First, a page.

Indian Stock market scams


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Indian Stock market scams

  1. 1. A Group 3
  2. 2. OLD SKOOL(PONZI SCHEME) •A Ponzi scheme is a fraudulent investment operation that pays returns to its investors from their own money or the money paid by subsequent investors, rather than from any actual profit earned by the individual or organization running the operation. The Ponzi scheme usually entices new investors by offering higher returns than other investments •.The scheme is named after Charles Ponzi who became notorious for using the technique in 1920.
  3. 3. OLD SKOOL(BUCKET SHOP)•As defined by the U.S. Supreme Court a Bucket shop is "an establishment, nominally for the transaction of a stock exchange business, or business of similar character, but really for the registration of bets, or wagers, usually for small amounts, on the rise or fall of the prices of stocks, grain, oil, etc., there being no transfer or delivery of the stock or commodities nominally dealt in." •Without an actual underlying transaction, the customer is betting against the bucket shop operator, not participating in the market. Alternatively, the bucket shop operator "literally 'plays the bank,' as in a gambling house, against the customer."
  4. 4. OLD SKOOL(PUMP AND DUMP) "Pump and dump" is a form of microcap stock fraud that involves artificially inflating the price of an owned stock through false and misleading positive statements, in order to sell the cheaply purchased stock at a higher price. Once the operators of the scheme "dump" their overvalued shares, the price falls and investors lose their money. Stocks that are the subject of pump-and- dump schemes are sometimes called "chop stocks".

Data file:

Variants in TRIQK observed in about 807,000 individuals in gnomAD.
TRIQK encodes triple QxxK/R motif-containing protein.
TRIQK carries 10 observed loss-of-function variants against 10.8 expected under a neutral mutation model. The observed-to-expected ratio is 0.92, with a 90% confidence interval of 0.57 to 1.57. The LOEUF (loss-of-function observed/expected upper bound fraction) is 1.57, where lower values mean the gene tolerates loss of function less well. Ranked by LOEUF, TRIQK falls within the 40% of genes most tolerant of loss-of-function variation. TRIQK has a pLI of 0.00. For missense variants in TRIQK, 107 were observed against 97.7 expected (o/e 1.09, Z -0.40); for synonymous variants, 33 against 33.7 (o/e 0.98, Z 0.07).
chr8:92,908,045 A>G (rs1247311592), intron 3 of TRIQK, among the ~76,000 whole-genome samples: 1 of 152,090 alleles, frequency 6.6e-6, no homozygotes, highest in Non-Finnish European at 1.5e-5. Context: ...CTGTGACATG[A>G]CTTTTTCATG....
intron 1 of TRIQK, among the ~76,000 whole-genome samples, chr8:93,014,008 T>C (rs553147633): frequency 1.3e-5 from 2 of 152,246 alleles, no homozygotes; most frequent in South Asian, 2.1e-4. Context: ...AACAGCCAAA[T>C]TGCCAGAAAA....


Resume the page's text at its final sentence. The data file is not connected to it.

5. 5. OLD SKOOL(BROILER ROOM) •A boiler room usually has an undisclosed relationship with the company being promoted or undisclosed profit from the sale of the house stock they are promoting. The managers of the boiler room usually have close ties to the same owners of the company whose stock is being promoted. •Once the insider investors are in place, a boiler room promotes these thinly traded stocks where there is no actual market. The brokers of the boiler room actually "create" a market by attracting buyers, whose demand for the stock drives up the price; This gives the owners of the company enough volume to sell their shares at a profit, a form of pump and dump operation where the original investors profit at the expense of the investors taken in by the boiler room operation.
  6. 6. Harshad Mehta : The Big Bull In April 1992, the first press report appeared indicating that there was a shortfall in the Government Securities held by the State Bank of India. In a little over a month, investigations revealed that this was just the tip of an iceberg which came to be called the securities scam, involving misappropriation of funds to the tune of over Rs. 3500 crores (about $ 1.2 billion).
  7. 7. Harshad Mehta : The Big Bull •Cost Of Finance Money Market-18-20% Stock market-35-40% •It is quite clear therefore that there were enormous profits to be had for anybody who could find a way of breaching the artificial wall separating the two markets and arbitrage between them. That in essence was what the scam was all about. •The Ready Forward Deal The crucial mechanism through which the scam was effected was the ready forward (RF) deal. The RF is in essence a secured short term (typically 15 day) loan from one bank to another bank. The lending is done against government securities, exactly the way a pawnbroker lends against jewellery or other valuables.